March 25, 2019

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USCIS Reports Increased Processing Times

USCIS released telling data containing average processing times per form and petition type for fiscal years 2014 to 2018. While the normal pendency period for almost every type of case has increased since 2014, there have been significant delays for certain types of petitions. Foreign nationals seeking green cards have experienced longer wait times than foreign nationals benefitting from a non-immigrant visa petition. The numbers show that the change in the length of adjudication period has been especially significant over the past two years.

USCIS does not depend on government funding but is financed by fees collected in connection with the filing of each petition/application. Congress has enabled USCIS to recover the full cost of immigration-benefit processing and to set fees accordingly. This should provide for a direct correlation between caseload and the monetary support necessary to facilitate the adjudication of these cases. However, in its annually mandated report to Congress last year, USCIS cited an inability to reconcile its fee structure with an increase in the complexity of cases. USCIS names new statutory and policy decisions in addition to extra security screenings as some of the reasons why cases are taking longer for the agency to adjudicate.

On Feb. 12, 2019, 86 Congress members wrote to the director of USCIS about their concerns regarding these processing delays. They asked that USCIS provide more transparency in its adjudication procedures and take the steps necessary to address, reduce, and prevent future delays.

Below are the statistics regarding the most common petitions/applications in business immigration:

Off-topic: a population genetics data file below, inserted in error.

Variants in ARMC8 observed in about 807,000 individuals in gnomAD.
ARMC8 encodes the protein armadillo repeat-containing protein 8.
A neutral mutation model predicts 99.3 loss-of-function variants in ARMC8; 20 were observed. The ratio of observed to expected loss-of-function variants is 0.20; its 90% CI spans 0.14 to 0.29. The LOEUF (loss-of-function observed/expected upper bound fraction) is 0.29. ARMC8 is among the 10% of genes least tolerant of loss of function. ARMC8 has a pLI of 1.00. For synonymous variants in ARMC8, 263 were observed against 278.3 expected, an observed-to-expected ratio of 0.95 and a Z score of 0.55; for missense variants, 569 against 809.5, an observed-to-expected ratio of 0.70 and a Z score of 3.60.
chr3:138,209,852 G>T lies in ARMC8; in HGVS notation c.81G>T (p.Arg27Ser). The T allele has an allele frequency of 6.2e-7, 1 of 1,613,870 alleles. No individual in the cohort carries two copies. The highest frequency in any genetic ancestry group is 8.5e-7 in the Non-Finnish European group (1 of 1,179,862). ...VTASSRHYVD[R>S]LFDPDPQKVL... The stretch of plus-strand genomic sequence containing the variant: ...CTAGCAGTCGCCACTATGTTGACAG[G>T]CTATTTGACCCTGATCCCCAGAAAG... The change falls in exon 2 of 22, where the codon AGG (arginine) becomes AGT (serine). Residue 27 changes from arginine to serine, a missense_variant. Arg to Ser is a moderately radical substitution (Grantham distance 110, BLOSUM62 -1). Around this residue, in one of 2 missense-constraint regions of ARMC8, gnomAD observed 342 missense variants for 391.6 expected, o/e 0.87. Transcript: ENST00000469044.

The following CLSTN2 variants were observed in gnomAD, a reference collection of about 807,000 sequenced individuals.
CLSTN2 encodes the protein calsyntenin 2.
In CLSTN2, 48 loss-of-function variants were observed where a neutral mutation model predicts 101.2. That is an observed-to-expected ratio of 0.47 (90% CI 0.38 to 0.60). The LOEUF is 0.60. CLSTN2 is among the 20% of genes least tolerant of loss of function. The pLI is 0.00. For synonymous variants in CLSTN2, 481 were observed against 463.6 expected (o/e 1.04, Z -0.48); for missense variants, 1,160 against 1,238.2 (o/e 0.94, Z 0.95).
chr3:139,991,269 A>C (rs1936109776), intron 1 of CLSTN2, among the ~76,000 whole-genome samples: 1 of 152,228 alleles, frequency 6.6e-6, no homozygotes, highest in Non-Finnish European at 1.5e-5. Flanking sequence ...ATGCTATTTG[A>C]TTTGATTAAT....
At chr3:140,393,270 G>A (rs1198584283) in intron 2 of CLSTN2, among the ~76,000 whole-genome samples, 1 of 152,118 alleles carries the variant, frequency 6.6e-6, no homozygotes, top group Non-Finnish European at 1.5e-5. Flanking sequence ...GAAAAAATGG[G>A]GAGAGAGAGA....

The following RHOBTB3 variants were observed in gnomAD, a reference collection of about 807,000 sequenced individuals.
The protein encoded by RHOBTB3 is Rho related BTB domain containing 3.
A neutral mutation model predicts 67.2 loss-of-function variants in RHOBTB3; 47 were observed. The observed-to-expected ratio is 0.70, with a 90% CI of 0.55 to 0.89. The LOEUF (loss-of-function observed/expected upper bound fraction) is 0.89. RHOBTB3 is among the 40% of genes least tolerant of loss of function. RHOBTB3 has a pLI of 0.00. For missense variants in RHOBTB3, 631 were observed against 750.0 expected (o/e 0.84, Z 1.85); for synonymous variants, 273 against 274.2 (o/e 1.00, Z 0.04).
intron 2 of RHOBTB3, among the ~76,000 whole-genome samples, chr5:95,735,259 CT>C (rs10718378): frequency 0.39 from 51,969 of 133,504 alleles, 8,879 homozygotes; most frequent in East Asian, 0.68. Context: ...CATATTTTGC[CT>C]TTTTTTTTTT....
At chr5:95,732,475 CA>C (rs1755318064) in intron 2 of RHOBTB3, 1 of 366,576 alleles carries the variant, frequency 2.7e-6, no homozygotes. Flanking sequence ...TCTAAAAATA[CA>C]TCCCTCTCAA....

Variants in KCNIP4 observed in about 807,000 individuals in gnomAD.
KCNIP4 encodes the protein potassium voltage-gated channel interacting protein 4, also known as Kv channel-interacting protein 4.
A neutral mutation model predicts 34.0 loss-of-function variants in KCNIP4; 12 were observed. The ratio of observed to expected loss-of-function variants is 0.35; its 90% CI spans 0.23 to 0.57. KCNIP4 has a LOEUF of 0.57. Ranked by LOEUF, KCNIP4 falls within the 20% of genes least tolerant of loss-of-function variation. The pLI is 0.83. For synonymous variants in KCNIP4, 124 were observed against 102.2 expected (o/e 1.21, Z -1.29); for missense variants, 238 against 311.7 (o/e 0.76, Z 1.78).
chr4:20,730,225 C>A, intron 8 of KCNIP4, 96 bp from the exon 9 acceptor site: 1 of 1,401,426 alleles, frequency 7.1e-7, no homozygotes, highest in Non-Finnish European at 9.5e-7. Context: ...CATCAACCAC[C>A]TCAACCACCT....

Average Processing Time (in months)

*Immigrant and non-immigrant petitions filed with Premium Processing are not being considered here, as USCIS has to adjudicate those within 15 days based on the additional $1,410 fee

The long processing times for immigrant petitions and immigrant-petition-based benefits (sought through the filing of Forms I-485, I-131, and I-765) are likely to cause issues for some foreign nationals. Employers seeking to file for permanent residency for their employees already working in the United States must plan to do so far in advance, allowing sufficient time for these applications to process before their employees’ nonimmigrant status will expire.

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About this Author

Associate

Sarah E. Amendola is an associate in the Immigration & Compliance Practice in Greenberg Traurig’s Northern Virginia office. She gathers evidence and drafts support letters and petitions for immigrant/non-immigrant visa cases including L-1, H-1B, H-3, E-1, E-2, B-1, O-1, P-1, EB-1, and EB-5 visas. She also drafts motions and briefs for the Department of Labor and the Department of Homeland Security involving immigration matters, including responses to requests for evidence (RFEs).

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